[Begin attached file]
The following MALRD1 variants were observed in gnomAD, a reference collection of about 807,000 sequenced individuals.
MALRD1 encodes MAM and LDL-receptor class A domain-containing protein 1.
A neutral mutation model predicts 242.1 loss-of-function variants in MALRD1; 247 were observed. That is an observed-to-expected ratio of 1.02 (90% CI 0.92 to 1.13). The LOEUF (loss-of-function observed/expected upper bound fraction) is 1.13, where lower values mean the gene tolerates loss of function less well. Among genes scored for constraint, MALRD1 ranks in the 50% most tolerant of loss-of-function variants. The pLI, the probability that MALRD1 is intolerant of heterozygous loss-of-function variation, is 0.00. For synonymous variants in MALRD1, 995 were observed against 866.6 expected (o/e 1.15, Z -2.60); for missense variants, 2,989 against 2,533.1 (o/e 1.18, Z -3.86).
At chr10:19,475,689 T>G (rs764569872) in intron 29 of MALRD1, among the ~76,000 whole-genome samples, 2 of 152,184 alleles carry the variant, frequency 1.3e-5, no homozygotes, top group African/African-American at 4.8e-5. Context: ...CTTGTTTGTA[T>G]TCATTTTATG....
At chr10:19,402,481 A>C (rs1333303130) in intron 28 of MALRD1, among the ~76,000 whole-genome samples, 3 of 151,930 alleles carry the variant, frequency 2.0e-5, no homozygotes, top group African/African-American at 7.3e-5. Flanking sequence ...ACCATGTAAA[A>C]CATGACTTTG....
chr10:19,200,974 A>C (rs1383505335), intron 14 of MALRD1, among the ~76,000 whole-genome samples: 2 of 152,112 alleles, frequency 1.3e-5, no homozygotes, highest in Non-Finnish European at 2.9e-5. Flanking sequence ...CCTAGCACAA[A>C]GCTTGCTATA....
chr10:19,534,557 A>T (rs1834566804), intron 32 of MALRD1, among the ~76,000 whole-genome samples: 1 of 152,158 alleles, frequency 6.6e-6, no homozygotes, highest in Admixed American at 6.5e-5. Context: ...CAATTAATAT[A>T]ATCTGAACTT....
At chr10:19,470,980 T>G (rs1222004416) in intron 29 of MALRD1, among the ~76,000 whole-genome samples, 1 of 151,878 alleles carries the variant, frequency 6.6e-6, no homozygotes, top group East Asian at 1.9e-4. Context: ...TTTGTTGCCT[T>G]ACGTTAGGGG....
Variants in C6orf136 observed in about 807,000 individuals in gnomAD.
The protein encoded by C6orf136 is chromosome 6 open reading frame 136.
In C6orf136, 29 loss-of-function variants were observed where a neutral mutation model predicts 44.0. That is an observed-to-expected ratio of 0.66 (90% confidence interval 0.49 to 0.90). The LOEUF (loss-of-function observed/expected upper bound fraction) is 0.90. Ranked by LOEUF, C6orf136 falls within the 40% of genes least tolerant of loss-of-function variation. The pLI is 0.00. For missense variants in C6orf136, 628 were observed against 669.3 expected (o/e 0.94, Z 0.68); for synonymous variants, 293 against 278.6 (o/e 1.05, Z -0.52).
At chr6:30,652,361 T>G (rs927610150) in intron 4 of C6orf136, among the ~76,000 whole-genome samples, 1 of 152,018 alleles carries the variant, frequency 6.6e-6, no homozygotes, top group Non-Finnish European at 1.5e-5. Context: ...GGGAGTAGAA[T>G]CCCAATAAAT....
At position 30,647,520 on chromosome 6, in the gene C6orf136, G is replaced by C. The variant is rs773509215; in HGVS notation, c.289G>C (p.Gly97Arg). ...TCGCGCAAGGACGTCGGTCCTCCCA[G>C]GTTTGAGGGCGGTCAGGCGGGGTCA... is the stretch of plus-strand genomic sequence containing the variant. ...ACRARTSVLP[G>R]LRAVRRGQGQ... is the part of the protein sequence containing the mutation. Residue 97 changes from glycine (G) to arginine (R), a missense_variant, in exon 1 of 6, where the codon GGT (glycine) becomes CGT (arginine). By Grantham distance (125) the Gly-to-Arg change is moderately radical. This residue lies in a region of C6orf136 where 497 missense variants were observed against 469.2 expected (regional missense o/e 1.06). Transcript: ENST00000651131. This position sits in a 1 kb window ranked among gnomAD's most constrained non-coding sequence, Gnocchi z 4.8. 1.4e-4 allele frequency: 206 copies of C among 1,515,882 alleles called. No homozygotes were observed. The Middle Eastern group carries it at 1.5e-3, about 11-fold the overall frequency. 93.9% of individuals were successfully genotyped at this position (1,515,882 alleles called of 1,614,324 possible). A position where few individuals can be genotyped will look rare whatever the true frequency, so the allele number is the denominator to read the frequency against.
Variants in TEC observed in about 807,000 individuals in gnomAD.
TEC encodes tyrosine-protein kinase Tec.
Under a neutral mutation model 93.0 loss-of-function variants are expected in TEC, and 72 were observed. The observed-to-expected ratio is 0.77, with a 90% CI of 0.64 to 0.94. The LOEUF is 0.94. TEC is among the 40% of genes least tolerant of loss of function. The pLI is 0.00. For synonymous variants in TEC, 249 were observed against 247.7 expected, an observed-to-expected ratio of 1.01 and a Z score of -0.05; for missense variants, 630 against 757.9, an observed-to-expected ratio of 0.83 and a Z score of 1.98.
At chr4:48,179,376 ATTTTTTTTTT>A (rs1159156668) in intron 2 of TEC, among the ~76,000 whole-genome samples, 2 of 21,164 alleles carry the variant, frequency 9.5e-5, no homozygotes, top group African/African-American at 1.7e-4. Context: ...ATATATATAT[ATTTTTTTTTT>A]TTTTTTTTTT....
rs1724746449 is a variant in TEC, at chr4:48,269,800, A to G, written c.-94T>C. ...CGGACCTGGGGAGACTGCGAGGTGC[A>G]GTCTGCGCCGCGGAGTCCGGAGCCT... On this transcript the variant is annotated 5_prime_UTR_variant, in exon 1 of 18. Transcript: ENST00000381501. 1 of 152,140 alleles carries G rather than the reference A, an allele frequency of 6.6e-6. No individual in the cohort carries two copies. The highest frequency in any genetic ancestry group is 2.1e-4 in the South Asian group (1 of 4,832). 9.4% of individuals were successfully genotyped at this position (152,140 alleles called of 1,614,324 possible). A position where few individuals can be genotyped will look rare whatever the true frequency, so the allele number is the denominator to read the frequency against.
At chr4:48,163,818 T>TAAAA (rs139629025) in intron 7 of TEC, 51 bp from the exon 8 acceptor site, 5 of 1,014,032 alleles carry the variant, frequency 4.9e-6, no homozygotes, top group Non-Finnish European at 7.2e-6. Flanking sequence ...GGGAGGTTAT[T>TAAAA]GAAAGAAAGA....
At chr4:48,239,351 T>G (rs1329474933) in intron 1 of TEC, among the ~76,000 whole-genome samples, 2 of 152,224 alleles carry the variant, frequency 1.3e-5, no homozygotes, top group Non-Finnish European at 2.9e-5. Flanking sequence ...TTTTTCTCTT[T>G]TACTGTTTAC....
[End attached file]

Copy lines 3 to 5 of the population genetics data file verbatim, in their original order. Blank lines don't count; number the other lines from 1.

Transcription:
A neutral mutation model predicts 242.1 loss-of-function variants in MALRD1; 247 were observed. That is an observed-to-expected ratio of 1.02 (90% CI 0.92 to 1.13). The LOEUF (loss-of-function observed/expected upper bound fraction) is 1.13, where lower values mean the gene tolerates loss of function less well. Among genes scored for constraint, MALRD1 ranks in the 50% most tolerant of loss-of-function variants. The pLI, the probability that MALRD1 is intolerant of heterozygous loss-of-function variation, is 0.00. For synonymous variants in MALRD1, 995 were observed against 866.6 expected (o/e 1.15, Z -2.60); for missense variants, 2,989 against 2,533.1 (o/e 1.18, Z -3.86).
At chr10:19,475,689 T>G (rs764569872) in intron 29 of MALRD1, among the ~76,000 whole-genome samples, 2 of 152,184 alleles carry the variant, frequency 1.3e-5, no homozygotes, top group African/African-American at 4.8e-5. Context: ...CTTGTTTGTA[T>G]TCATTTTATG....
At chr10:19,402,481 A>C (rs1333303130) in intron 28 of MALRD1, among the ~76,000 whole-genome samples, 3 of 151,930 alleles carry the variant, frequency 2.0e-5, no homozygotes, top group African/African-American at 7.3e-5. Flanking sequence ...ACCATGTAAA[A>C]CATGACTTTG....